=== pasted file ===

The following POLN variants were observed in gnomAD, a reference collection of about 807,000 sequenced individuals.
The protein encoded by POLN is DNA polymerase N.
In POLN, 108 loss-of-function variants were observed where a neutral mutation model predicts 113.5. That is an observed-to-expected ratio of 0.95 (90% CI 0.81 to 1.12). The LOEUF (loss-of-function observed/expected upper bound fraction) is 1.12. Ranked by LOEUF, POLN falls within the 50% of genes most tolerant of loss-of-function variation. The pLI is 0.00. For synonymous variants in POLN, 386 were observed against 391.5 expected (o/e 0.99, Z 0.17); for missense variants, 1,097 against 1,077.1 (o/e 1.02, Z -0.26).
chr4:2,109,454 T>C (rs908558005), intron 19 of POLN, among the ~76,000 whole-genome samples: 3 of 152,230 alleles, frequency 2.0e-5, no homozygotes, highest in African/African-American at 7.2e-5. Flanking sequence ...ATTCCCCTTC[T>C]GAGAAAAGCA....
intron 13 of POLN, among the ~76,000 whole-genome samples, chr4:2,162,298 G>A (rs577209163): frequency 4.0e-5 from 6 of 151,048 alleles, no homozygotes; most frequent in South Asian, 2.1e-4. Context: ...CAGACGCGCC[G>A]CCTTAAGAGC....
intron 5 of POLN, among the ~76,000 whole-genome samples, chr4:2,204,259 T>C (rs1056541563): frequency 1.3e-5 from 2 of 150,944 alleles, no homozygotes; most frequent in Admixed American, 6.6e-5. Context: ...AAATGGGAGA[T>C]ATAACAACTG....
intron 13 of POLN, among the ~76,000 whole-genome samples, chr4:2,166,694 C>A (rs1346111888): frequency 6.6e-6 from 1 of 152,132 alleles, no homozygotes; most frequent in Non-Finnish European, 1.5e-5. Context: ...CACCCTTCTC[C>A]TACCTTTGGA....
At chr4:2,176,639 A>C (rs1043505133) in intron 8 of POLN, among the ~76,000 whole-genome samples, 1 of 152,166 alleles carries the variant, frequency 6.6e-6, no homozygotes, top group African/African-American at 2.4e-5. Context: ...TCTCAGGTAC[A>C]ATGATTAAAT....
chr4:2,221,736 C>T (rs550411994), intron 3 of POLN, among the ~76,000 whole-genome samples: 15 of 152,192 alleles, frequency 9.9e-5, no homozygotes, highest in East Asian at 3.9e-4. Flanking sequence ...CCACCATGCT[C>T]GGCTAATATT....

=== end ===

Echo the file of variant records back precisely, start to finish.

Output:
The following POLN variants were observed in gnomAD, a reference collection of about 807,000 sequenced individuals.
The protein encoded by POLN is DNA polymerase N.
In POLN, 108 loss-of-function variants were observed where a neutral mutation model predicts 113.5. That is an observed-to-expected ratio of 0.95 (90% CI 0.81 to 1.12). The LOEUF (loss-of-function observed/expected upper bound fraction) is 1.12. Ranked by LOEUF, POLN falls within the 50% of genes most tolerant of loss-of-function variation. The pLI is 0.00. For synonymous variants in POLN, 386 were observed against 391.5 expected (o/e 0.99, Z 0.17); for missense variants, 1,097 against 1,077.1 (o/e 1.02, Z -0.26).
chr4:2,109,454 T>C (rs908558005), intron 19 of POLN, among the ~76,000 whole-genome samples: 3 of 152,230 alleles, frequency 2.0e-5, no homozygotes, highest in African/African-American at 7.2e-5. Flanking sequence ...ATTCCCCTTC[T>C]GAGAAAAGCA....
intron 13 of POLN, among the ~76,000 whole-genome samples, chr4:2,162,298 G>A (rs577209163): frequency 4.0e-5 from 6 of 151,048 alleles, no homozygotes; most frequent in South Asian, 2.1e-4. Context: ...CAGACGCGCC[G>A]CCTTAAGAGC....
intron 5 of POLN, among the ~76,000 whole-genome samples, chr4:2,204,259 T>C (rs1056541563): frequency 1.3e-5 from 2 of 150,944 alleles, no homozygotes; most frequent in Admixed American, 6.6e-5. Context: ...AAATGGGAGA[T>C]ATAACAACTG....
intron 13 of POLN, among the ~76,000 whole-genome samples, chr4:2,166,694 C>A (rs1346111888): frequency 6.6e-6 from 1 of 152,132 alleles, no homozygotes; most frequent in Non-Finnish European, 1.5e-5. Context: ...CACCCTTCTC[C>A]TACCTTTGGA....
At chr4:2,176,639 A>C (rs1043505133) in intron 8 of POLN, among the ~76,000 whole-genome samples, 1 of 152,166 alleles carries the variant, frequency 6.6e-6, no homozygotes, top group African/African-American at 2.4e-5. Context: ...TCTCAGGTAC[A>C]ATGATTAAAT....
chr4:2,221,736 C>T (rs550411994), intron 3 of POLN, among the ~76,000 whole-genome samples: 15 of 152,192 alleles, frequency 9.9e-5, no homozygotes, highest in East Asian at 3.9e-4. Flanking sequence ...CCACCATGCT[C>T]GGCTAATATT....